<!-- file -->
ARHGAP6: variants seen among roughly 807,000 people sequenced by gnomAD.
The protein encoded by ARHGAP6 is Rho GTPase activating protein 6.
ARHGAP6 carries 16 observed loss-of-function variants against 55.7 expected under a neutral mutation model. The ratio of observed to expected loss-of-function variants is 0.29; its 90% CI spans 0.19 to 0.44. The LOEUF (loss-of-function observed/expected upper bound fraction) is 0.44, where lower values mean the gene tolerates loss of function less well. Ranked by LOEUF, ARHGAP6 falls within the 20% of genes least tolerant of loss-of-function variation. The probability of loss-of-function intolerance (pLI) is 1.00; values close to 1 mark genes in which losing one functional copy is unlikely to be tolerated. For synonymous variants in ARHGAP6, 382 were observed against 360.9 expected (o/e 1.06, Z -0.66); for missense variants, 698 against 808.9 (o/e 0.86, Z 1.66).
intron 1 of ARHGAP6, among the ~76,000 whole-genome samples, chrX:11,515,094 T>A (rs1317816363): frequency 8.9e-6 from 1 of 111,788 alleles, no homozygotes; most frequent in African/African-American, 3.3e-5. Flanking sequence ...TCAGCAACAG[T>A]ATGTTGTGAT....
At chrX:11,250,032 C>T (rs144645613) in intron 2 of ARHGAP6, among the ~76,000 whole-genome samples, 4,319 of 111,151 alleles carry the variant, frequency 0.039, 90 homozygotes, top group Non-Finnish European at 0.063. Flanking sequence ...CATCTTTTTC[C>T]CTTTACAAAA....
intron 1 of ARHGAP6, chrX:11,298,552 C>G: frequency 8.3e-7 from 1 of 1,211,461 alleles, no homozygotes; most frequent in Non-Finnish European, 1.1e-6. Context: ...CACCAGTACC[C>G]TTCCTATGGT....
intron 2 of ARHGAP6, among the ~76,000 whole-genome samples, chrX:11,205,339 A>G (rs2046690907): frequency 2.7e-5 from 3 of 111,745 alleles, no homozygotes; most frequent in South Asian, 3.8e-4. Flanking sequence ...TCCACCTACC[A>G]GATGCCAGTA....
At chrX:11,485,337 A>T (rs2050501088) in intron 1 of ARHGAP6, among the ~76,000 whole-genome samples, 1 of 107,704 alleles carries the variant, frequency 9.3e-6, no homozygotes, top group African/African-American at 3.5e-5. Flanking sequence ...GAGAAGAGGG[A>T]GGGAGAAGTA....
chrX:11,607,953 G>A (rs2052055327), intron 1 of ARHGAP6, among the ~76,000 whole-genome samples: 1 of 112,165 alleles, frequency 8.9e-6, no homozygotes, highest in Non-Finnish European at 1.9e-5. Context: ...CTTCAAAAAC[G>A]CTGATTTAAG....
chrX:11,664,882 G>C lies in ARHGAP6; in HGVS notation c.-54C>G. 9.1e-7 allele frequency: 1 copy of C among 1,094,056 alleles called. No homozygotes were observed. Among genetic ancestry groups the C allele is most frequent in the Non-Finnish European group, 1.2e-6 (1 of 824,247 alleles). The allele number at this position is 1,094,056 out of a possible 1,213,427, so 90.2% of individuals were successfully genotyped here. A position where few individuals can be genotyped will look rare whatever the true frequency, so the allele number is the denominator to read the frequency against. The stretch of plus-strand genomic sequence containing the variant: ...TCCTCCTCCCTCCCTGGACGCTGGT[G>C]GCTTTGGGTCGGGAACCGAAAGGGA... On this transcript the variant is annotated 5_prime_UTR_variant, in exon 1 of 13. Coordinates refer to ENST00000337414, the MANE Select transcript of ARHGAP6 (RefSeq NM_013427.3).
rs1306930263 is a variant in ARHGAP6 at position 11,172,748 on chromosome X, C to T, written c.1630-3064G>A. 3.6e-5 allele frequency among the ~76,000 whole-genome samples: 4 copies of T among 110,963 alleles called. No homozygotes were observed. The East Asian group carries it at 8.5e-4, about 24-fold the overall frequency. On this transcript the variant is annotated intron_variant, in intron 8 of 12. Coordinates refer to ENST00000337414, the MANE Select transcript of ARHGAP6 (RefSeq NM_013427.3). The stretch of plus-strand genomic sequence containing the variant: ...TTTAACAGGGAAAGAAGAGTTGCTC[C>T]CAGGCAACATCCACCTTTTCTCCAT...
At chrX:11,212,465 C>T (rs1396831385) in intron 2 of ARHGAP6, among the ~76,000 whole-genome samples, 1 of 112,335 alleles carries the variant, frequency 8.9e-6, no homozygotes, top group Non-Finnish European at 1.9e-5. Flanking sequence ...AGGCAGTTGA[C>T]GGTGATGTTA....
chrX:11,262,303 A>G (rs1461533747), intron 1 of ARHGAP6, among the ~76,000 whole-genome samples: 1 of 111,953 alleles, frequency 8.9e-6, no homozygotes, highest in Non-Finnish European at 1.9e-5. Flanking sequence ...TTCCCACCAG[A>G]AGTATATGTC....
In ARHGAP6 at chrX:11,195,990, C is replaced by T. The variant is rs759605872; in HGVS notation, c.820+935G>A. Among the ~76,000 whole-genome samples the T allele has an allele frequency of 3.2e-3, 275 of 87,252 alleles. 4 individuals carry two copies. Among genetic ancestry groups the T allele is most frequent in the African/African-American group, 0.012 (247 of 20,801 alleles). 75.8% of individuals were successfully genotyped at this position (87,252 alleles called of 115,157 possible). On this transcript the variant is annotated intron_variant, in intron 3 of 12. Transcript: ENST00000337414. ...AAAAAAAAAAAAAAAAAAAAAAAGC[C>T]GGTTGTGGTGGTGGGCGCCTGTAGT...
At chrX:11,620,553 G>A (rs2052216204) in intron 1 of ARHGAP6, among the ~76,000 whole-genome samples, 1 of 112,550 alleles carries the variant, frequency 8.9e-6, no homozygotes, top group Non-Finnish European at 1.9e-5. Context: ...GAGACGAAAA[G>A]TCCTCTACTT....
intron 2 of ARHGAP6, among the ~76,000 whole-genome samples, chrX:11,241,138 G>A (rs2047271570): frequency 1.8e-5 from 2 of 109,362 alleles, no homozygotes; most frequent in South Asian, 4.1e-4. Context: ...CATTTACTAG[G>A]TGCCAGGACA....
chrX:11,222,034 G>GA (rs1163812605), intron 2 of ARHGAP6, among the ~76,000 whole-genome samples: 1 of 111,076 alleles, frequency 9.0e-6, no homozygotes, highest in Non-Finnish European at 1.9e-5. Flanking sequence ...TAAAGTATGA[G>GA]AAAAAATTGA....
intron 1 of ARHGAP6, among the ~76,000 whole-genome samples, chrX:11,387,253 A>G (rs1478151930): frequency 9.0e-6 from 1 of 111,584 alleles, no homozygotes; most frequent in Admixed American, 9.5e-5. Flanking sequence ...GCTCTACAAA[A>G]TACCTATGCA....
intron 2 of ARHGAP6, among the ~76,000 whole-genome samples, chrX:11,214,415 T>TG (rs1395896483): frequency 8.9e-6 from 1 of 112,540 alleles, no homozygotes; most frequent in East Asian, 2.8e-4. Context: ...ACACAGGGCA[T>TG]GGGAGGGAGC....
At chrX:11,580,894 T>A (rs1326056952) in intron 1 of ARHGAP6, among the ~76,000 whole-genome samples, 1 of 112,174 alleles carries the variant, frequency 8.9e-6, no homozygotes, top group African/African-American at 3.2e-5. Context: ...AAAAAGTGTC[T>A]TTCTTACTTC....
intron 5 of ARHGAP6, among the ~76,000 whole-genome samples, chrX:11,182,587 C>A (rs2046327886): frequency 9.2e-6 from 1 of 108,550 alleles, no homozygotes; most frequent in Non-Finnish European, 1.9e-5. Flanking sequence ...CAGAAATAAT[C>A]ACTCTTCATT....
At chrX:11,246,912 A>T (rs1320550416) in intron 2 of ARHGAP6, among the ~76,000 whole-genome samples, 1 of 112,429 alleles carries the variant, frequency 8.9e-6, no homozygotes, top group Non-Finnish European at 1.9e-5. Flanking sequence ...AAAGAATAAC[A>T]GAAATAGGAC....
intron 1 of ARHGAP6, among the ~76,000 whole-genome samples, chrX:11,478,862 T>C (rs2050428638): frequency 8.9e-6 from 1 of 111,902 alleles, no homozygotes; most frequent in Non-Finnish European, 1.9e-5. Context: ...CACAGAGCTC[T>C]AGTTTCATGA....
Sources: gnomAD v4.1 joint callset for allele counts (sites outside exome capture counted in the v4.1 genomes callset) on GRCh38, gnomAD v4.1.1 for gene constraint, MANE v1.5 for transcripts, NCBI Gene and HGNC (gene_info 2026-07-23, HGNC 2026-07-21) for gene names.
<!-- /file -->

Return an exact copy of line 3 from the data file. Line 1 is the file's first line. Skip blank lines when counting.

ARHGAP6 carries 16 observed loss-of-function variants against 55.7 expected under a neutral mutation model. The ratio of observed to expected loss-of-function variants is 0.29; its 90% CI spans 0.19 to 0.44. The LOEUF (loss-of-function observed/expected upper bound fraction) is 0.44, where lower values mean the gene tolerates loss of function less well. Ranked by LOEUF, ARHGAP6 falls within the 20% of genes least tolerant of loss-of-function variation. The probability of loss-of-function intolerance (pLI) is 1.00; values close to 1 mark genes in which losing one functional copy is unlikely to be tolerated. For synonymous variants in ARHGAP6, 382 were observed against 360.9 expected (o/e 1.06, Z -0.66); for missense variants, 698 against 808.9 (o/e 0.86, Z 1.66).